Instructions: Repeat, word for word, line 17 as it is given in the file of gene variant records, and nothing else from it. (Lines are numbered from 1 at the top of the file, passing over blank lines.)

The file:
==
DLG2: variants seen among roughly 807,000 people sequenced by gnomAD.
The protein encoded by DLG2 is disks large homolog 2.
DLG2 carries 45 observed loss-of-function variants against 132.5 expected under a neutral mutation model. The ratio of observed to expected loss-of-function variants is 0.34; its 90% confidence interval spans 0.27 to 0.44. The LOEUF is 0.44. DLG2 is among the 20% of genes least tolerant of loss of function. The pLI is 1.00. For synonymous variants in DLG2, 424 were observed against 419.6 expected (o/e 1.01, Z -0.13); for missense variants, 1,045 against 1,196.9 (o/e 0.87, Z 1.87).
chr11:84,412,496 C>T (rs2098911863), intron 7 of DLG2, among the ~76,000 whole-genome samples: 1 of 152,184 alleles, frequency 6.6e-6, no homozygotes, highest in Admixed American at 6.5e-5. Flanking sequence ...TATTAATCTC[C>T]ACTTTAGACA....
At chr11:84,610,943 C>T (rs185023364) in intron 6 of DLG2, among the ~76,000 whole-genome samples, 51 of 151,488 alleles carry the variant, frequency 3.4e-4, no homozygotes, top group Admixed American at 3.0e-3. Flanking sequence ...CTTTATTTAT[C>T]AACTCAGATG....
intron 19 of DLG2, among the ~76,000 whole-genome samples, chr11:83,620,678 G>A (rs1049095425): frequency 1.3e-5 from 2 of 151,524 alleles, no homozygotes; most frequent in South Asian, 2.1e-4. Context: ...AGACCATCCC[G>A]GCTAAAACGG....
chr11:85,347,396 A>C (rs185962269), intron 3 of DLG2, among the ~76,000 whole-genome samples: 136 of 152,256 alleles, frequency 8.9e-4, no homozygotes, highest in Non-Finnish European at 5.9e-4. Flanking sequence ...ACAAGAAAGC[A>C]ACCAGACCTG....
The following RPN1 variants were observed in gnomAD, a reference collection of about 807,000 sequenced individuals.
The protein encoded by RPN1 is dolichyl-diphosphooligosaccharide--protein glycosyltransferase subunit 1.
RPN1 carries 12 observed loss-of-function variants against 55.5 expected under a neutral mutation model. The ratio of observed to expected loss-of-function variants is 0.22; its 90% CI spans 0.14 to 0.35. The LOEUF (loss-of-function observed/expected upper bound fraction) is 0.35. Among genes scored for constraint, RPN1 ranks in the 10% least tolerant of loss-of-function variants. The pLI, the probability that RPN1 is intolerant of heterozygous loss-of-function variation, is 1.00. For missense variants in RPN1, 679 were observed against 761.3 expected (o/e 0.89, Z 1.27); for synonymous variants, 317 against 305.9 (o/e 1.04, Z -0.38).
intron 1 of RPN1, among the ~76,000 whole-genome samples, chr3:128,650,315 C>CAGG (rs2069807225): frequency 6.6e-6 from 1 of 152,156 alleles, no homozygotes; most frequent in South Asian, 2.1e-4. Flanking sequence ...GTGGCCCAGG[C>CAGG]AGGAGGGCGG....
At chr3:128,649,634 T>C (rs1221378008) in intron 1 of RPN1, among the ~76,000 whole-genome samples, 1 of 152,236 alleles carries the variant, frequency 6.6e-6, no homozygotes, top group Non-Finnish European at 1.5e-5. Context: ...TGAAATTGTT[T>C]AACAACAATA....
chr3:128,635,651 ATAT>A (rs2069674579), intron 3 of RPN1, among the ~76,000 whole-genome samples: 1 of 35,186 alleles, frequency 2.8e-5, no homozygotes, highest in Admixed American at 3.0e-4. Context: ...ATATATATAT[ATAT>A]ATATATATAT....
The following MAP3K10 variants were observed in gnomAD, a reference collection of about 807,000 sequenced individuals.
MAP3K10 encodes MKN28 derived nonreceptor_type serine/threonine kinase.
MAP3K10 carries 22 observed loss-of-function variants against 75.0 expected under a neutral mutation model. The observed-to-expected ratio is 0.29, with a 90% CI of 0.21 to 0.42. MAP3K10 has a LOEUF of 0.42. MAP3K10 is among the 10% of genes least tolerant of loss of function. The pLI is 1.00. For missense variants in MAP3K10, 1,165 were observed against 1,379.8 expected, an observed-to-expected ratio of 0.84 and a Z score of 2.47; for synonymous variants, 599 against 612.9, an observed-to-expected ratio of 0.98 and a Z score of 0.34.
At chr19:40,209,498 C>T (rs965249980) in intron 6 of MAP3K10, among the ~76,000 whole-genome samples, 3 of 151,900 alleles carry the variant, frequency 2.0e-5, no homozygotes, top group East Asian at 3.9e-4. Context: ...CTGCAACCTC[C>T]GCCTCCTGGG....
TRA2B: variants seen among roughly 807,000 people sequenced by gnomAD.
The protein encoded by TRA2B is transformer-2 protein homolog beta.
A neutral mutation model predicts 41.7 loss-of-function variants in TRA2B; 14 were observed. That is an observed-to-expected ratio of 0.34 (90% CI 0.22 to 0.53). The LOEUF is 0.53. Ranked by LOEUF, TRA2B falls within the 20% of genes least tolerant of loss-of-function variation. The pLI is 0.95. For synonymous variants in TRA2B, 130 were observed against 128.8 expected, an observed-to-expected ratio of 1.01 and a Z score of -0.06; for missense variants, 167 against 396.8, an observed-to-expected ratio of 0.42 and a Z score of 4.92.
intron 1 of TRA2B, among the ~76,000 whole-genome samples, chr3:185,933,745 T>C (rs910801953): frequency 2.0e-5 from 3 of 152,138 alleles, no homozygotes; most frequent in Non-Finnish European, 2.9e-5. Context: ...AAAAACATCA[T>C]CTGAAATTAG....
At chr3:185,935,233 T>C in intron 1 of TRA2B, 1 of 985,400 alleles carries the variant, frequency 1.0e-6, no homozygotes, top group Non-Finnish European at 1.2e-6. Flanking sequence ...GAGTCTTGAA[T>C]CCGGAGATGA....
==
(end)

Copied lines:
At chr19:40,209,498 C>T (rs965249980) in intron 6 of MAP3K10, among the ~76,000 whole-genome samples, 3 of 151,900 alleles carry the variant, frequency 2.0e-5, no homozygotes, top group East Asian at 3.9e-4. Context: ...CTGCAACCTC[C>T]GCCTCCTGGG....